The first problem with asking a dealer to cover significant restoration costs is that you would need to sign a consignment agreement that was exclusive and indefinite. But conversely you can't oblige the dealer to keep trying to sell your violin, so that's a non-starter.

The second is that owners and sellers rarely agree about the right amount of restoration or who's competent to do it. if the dealer does undertake restoration and require you to pay for it in the event of you taking back the violin because it hasn't sold, you will be very unhappy with the bill.

We do occasionally undertake to cover smaller restoration jobs, maybe up to £1500 or so, for clients that we know and trust, but I wouldn't blame any dealer for refusing point blank.

You seem unclear about how you are planning to sell these violins - auction, private sale, through a dealer/restorer - and that would ring alarm bells for me.

Ultimately if you want to sell these violins for the best price then you need to re-invest. That's what dealers do and there are no short cuts. If you get stuck, then I would sell the lesser of these violins "as is" and use the profit to finance restoration of the other.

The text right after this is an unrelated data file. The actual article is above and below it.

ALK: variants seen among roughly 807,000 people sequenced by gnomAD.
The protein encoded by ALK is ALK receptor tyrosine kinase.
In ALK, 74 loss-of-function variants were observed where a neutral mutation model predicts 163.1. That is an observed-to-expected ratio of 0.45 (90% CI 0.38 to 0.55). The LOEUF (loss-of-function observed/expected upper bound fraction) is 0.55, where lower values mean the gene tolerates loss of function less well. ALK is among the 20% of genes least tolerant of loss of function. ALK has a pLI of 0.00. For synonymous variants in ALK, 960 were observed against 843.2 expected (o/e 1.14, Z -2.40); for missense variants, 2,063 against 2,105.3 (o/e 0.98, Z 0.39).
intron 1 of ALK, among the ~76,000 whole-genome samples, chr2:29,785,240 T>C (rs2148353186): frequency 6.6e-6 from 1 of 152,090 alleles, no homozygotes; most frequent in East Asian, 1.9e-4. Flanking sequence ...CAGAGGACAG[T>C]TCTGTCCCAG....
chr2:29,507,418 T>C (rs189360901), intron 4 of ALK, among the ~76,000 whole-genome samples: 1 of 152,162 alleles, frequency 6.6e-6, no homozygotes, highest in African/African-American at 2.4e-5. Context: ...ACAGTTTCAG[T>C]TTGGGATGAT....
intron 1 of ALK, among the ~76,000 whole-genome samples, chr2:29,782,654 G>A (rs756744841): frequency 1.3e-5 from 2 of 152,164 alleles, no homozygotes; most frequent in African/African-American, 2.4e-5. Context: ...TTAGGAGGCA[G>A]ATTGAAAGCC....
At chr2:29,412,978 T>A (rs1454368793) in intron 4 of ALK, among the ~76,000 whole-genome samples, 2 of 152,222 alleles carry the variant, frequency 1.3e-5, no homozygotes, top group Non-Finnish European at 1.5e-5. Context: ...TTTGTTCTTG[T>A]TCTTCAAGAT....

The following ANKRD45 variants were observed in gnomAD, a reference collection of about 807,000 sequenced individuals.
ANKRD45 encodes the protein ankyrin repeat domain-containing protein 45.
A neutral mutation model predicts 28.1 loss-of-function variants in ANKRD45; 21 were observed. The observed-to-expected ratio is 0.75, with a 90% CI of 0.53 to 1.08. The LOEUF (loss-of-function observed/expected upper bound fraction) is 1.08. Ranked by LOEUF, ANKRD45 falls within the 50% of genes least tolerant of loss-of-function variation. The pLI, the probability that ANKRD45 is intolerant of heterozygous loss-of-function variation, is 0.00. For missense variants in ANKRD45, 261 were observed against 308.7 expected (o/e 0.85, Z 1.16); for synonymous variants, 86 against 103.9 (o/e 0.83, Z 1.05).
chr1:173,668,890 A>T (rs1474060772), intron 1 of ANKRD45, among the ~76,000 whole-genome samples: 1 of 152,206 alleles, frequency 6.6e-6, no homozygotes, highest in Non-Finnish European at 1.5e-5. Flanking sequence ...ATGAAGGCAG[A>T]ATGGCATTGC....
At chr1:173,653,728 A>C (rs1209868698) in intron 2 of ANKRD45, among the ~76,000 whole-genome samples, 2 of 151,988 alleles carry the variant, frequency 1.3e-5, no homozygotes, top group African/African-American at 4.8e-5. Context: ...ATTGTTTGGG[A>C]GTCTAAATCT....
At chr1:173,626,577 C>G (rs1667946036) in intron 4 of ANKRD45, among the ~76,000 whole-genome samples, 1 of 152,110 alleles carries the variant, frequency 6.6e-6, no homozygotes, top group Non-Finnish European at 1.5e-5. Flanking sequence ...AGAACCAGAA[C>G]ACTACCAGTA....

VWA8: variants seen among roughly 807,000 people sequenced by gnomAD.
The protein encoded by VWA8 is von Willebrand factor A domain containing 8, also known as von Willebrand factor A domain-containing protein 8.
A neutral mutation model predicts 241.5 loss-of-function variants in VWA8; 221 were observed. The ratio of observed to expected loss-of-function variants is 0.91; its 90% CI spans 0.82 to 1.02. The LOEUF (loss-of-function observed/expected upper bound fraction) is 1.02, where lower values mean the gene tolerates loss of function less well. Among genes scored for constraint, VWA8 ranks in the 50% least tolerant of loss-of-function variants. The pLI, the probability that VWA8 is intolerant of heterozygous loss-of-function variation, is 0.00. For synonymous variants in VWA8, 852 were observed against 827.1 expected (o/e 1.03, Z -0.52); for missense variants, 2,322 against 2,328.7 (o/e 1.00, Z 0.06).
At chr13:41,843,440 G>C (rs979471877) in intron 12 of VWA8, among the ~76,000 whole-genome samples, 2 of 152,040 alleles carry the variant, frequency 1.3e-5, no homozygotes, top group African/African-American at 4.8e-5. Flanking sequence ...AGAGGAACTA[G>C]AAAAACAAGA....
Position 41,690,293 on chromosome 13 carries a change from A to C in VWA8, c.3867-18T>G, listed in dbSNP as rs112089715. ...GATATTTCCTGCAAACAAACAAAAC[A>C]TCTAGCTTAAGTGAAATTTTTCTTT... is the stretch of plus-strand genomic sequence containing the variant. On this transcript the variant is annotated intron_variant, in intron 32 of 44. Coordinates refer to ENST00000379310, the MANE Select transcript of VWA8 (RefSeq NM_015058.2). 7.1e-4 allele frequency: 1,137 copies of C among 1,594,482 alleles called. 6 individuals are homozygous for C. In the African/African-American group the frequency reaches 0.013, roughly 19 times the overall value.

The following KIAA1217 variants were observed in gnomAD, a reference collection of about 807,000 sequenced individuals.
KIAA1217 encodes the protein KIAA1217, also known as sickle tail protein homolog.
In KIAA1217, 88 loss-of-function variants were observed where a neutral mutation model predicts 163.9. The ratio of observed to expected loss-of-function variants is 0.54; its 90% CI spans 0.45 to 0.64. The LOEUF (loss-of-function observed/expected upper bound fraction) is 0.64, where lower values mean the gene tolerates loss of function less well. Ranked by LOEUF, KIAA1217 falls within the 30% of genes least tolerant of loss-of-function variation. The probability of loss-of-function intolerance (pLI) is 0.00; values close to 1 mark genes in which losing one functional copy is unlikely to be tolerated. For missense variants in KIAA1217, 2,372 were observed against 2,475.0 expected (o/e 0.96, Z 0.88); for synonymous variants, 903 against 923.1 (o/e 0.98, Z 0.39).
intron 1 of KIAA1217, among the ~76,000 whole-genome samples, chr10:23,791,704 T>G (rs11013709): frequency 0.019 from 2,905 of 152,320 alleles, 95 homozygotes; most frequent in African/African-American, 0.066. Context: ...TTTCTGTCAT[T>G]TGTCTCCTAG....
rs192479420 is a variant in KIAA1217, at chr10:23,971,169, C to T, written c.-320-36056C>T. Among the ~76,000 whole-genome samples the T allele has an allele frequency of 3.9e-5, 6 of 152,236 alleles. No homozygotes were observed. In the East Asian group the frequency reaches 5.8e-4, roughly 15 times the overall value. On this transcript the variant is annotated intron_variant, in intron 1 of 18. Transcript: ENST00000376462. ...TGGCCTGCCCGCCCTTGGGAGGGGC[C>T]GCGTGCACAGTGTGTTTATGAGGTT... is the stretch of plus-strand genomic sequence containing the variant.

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Agree with all Martin is saying.

It's not unusual that proper restoration costs even of "famous 18th century maker" made violins (and this term is very unclear but rather meaningless in itself) will exceed a realistic sale price afterwards if they need to be paid to a third person. Also the time such an instrument needs to be stored till a final sale counts a lot, a time span of several years would be the average, which also needs an insurance etc. So maybe a reliable and reasonable shop or restorer will offer you a certain sum to buy it, which is basing on the presented facts just a small fraction of the expected future resale value, but never will agree into a deal like you are proposing. Just the opposite, suggesting the success of such an unrealistical transaction would ring some alarm bells to me.

The usual way is to sell such objects as "restorable" to a repairer or at an auction.